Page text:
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@interface Approval : NSObject 
    NSMutableArray *approvalValues;
@property (nonatomic,retain) NSMutableArray *approvalValues;

If i do this, do I still need to call `approvalValues = [[NSMutableArray alloc] init] in the init method? I was under the impression that I had to but it is causing a leak. In the dealloc method I am releasing approvalValues

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I just posted an answer, assuming something about your code. Please try to post it the next time, to make it easier for others to answer. – pgb Jul 6 '11 at 16:33
How is it causing a leak? What kind of errors are you getting for you to say that it is causing a leak? What else are you using/assigning approveValues? Your question is too vague to get a proper answer. And the answer to your question is yes. – domino Jul 6 '11 at 16:34

3 Answers 3

up vote 2 down vote accepted

You need to alloc and init approvalValues. The problem seems to be related to the fact that you are over-retaining your object.

Your code probably looks like this:

self.approvalValues = [[NSMutableArray alloc] init];

alloc will return an object with a retainCount of 1, and when using the retain setter it will get bumped to 2. In order to solve it, you might want to autorelease the object before assigning it, making a code that looks like this:

self.approvalValues = [[[NSMutableArray alloc] init] autorelease];

This will end up with an instance variable with a retainCount of only 1, so when you dealloc the object it won't leak.

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Or, if in an initialiser where self is discouraged just approvalValues = [[NSMutableArray alloc] init]; and this owning call is balanced by the release` in dealloc – Abizern Jul 6 '11 at 16:36
In my opinion it's good practice, when using properties, to call release in dealloc as opposed to autorelease like you've done it in 2 – domino Jul 6 '11 at 16:41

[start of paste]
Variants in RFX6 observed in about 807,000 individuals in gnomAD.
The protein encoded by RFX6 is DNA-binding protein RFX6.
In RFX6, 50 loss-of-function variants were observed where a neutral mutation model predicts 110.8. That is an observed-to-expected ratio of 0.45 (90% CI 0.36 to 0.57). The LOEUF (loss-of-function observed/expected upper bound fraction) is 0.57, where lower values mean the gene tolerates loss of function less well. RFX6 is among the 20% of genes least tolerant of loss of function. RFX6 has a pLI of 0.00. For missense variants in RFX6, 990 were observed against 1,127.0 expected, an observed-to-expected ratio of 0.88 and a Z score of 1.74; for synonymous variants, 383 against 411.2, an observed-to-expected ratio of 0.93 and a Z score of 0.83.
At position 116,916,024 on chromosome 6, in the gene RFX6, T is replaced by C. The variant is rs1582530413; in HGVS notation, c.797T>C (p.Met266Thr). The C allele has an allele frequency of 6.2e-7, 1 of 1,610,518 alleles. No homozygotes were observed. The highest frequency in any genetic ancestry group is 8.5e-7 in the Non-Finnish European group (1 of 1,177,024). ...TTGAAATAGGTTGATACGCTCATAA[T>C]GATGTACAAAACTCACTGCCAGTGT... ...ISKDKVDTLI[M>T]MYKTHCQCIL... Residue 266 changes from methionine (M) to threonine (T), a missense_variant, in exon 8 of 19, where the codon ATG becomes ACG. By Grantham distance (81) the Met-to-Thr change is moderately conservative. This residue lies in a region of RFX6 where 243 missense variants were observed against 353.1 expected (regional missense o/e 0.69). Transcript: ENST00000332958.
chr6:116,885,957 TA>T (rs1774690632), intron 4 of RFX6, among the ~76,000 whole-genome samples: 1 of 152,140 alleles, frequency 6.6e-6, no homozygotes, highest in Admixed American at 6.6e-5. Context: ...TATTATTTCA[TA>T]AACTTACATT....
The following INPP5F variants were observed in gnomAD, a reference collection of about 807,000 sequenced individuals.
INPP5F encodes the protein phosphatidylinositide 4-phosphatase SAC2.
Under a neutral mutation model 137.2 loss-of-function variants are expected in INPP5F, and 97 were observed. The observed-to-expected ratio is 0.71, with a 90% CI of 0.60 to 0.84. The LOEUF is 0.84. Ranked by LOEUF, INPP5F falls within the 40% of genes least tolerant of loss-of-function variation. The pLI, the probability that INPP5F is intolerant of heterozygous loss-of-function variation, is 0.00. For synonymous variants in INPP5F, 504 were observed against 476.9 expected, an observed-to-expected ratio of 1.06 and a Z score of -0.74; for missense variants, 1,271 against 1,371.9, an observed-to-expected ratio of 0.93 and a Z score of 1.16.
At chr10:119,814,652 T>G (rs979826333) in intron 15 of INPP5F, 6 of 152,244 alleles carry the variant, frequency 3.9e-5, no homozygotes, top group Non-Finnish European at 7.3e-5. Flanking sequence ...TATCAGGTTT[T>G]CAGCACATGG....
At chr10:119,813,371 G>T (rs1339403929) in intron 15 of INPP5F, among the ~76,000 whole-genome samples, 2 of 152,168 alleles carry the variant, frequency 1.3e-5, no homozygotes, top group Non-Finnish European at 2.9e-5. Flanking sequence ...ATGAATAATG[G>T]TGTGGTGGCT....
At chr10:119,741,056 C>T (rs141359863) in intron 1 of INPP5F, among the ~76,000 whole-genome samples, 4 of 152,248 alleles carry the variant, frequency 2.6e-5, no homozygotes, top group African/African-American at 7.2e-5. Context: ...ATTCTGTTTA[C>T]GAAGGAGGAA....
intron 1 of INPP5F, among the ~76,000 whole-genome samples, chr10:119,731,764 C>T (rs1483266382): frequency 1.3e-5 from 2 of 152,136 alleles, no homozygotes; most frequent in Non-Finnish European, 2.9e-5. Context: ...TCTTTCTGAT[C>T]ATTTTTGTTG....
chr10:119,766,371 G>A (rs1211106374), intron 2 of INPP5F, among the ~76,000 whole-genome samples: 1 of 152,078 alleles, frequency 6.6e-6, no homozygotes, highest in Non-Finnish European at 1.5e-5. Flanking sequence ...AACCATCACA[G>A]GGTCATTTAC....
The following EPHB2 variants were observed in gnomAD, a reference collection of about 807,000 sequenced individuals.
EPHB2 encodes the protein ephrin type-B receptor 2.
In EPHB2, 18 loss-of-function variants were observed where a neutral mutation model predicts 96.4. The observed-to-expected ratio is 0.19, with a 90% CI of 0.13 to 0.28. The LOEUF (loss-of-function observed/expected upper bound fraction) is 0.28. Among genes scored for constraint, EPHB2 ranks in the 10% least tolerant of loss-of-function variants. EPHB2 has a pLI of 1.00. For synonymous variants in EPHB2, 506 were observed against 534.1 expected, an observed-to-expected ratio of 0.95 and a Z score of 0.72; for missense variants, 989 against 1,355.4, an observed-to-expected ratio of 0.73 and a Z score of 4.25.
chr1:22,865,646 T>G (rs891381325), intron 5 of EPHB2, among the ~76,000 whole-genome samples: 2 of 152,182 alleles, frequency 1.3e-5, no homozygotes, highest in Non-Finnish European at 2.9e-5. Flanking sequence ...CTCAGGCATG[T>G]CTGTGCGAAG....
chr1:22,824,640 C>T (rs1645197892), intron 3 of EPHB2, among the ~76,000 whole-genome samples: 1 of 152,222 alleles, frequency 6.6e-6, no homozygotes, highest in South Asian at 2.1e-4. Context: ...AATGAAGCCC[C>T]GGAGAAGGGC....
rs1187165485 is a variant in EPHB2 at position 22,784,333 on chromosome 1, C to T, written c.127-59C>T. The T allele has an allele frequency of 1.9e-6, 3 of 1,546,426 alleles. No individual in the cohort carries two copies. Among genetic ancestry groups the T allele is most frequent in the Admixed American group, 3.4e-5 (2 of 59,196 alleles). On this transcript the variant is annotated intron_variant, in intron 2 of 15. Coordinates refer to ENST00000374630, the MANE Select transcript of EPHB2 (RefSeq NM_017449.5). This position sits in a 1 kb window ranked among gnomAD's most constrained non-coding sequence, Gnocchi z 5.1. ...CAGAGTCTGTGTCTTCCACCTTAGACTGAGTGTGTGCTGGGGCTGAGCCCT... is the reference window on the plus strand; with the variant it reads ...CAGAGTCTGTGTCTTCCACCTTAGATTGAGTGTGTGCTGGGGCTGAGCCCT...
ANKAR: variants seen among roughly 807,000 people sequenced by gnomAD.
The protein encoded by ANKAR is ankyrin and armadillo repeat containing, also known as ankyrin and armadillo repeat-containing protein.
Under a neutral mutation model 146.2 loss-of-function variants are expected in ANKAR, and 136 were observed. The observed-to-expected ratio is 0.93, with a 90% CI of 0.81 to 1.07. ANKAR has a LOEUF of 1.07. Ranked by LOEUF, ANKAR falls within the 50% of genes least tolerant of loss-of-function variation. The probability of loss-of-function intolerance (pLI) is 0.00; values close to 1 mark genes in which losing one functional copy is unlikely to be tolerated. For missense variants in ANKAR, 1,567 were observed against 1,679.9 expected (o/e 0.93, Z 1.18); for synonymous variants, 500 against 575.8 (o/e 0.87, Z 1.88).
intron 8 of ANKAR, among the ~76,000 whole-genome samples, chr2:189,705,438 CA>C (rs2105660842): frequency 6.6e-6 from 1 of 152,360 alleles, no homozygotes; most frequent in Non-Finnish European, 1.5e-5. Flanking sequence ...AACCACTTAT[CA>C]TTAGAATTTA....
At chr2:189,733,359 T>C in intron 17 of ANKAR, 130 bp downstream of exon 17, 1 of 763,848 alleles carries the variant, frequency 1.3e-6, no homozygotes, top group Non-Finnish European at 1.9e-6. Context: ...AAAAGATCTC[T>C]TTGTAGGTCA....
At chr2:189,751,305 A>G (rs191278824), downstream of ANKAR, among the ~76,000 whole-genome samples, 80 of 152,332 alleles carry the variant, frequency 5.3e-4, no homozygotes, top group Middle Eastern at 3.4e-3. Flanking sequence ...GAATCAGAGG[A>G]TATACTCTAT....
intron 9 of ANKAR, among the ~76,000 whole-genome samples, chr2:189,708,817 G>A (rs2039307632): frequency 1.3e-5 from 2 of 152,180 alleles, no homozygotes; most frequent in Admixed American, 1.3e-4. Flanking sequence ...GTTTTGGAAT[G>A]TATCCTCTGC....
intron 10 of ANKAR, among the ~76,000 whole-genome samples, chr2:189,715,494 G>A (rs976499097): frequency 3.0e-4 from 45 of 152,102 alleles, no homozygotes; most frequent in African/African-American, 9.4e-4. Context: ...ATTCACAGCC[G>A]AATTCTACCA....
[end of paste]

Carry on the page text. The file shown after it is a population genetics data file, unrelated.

@domino You still need to release in dealloc. Using = alloc-init without autorelease over-retains the object, which is bad. Both alloc-init and the property accessor retain the object, so you need the autorelease or use a temporary variable to alloc-init, then call the accessor, and then release it. In both cases, you own the object afterwards and therefore you will need to release it in dealloc. – albertamg Jul 6 '11 at 17:10
@domino This statement self.approvalValues = [[NSMutableArray alloc] init]; in particular and all statements like self.retainOrCopyProperty = alloc-init in general over-retain the object causing a leak and are wrong. Read my explanation in my previous comment or refer to this question or this one. – albertamg Jul 6 '11 at 17:52
The absolute retain count of an object is meaningless; do not encourage it's use or consideration. – bbum Jul 6 '11 at 18:03

Yes you still need to alloc/init, however you only release in dealloc method.

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so why is the leaks tool telling me that there is a leak? – James Jul 6 '11 at 16:32

In the init method you will often access the ivar directly and initialize it like this:

approvalValues = [[NSMutableArray alloc] init];

In the dealloc you will need a matchin release like this:

[approvalValues release];

It is often recommended to access the ivars directly in the init and dealloc method to avoid any side effects caused by setters/getters.

Throughout your class you will want to use the KVC setters/getters or dot notation to set objects like this

// Dot notation
NSMutableArray *tmpApprovalValues = [[NSMutableArray alloc] init];
self.approvalValues = tmpApprovalValues;
[tmpApprovalValues release]; tmpApprovalValues = nil;

// Call to setters/getters
NSMutableArray *tmpApprovalValues = [[NSMutableArray alloc] init];
[self setApprovalValues:tmpApprovalValues];
[tmpApprovalValues release]; tmpApprovalValues = nil;

Corrected terminology thanks to @Yuji

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That's strictly speaking not a KVC. It's just a call to setter/getter ... KVC is an access via setValue:forKey: and valueForKey:. – Yuji Jul 6 '11 at 16:54

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